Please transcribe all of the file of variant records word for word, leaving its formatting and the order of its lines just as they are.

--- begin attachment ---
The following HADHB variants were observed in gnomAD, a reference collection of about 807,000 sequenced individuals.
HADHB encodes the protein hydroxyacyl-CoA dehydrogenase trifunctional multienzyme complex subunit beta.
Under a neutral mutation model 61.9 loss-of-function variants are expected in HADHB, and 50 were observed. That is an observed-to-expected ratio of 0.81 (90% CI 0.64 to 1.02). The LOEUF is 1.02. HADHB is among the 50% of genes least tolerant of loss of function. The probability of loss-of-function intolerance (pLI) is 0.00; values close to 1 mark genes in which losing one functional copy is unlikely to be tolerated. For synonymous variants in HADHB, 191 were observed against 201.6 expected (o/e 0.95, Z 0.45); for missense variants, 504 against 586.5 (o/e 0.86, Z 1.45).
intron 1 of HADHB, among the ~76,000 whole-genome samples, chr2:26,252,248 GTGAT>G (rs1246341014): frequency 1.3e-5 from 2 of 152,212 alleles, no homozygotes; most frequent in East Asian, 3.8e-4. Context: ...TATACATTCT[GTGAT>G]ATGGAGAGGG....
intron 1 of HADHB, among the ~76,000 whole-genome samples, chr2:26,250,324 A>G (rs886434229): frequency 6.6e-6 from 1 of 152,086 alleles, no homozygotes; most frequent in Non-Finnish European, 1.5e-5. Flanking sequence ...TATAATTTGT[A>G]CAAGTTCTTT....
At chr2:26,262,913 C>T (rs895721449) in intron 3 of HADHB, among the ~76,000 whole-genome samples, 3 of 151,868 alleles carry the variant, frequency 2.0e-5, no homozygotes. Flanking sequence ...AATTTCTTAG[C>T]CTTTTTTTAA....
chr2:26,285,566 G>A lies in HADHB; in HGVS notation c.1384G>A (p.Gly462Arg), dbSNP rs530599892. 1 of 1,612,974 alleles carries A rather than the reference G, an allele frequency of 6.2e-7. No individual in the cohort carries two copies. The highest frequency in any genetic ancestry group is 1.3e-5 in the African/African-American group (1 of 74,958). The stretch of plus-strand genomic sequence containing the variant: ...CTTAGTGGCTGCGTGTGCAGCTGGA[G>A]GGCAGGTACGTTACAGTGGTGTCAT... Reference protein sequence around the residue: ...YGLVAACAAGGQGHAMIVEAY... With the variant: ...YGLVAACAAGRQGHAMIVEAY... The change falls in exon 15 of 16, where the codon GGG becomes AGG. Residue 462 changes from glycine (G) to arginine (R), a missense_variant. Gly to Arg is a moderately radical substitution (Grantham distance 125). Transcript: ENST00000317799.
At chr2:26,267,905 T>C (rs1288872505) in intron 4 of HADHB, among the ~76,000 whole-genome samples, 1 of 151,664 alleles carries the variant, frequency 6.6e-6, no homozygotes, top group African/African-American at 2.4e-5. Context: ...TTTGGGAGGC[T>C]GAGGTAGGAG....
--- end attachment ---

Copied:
The following HADHB variants were observed in gnomAD, a reference collection of about 807,000 sequenced individuals.
HADHB encodes the protein hydroxyacyl-CoA dehydrogenase trifunctional multienzyme complex subunit beta.
Under a neutral mutation model 61.9 loss-of-function variants are expected in HADHB, and 50 were observed. That is an observed-to-expected ratio of 0.81 (90% CI 0.64 to 1.02). The LOEUF is 1.02. HADHB is among the 50% of genes least tolerant of loss of function. The probability of loss-of-function intolerance (pLI) is 0.00; values close to 1 mark genes in which losing one functional copy is unlikely to be tolerated. For synonymous variants in HADHB, 191 were observed against 201.6 expected (o/e 0.95, Z 0.45); for missense variants, 504 against 586.5 (o/e 0.86, Z 1.45).
intron 1 of HADHB, among the ~76,000 whole-genome samples, chr2:26,252,248 GTGAT>G (rs1246341014): frequency 1.3e-5 from 2 of 152,212 alleles, no homozygotes; most frequent in East Asian, 3.8e-4. Context: ...TATACATTCT[GTGAT>G]ATGGAGAGGG....
intron 1 of HADHB, among the ~76,000 whole-genome samples, chr2:26,250,324 A>G (rs886434229): frequency 6.6e-6 from 1 of 152,086 alleles, no homozygotes; most frequent in Non-Finnish European, 1.5e-5. Flanking sequence ...TATAATTTGT[A>G]CAAGTTCTTT....
At chr2:26,262,913 C>T (rs895721449) in intron 3 of HADHB, among the ~76,000 whole-genome samples, 3 of 151,868 alleles carry the variant, frequency 2.0e-5, no homozygotes. Flanking sequence ...AATTTCTTAG[C>T]CTTTTTTTAA....
chr2:26,285,566 G>A lies in HADHB; in HGVS notation c.1384G>A (p.Gly462Arg), dbSNP rs530599892. 1 of 1,612,974 alleles carries A rather than the reference G, an allele frequency of 6.2e-7. No individual in the cohort carries two copies. The highest frequency in any genetic ancestry group is 1.3e-5 in the African/African-American group (1 of 74,958). The stretch of plus-strand genomic sequence containing the variant: ...CTTAGTGGCTGCGTGTGCAGCTGGA[G>A]GGCAGGTACGTTACAGTGGTGTCAT... Reference protein sequence around the residue: ...YGLVAACAAGGQGHAMIVEAY... With the variant: ...YGLVAACAAGRQGHAMIVEAY... The change falls in exon 15 of 16, where the codon GGG becomes AGG. Residue 462 changes from glycine (G) to arginine (R), a missense_variant. Gly to Arg is a moderately radical substitution (Grantham distance 125). Transcript: ENST00000317799.
At chr2:26,267,905 T>C (rs1288872505) in intron 4 of HADHB, among the ~76,000 whole-genome samples, 1 of 151,664 alleles carries the variant, frequency 6.6e-6, no homozygotes, top group African/African-American at 2.4e-5. Context: ...TTTGGGAGGC[T>C]GAGGTAGGAG....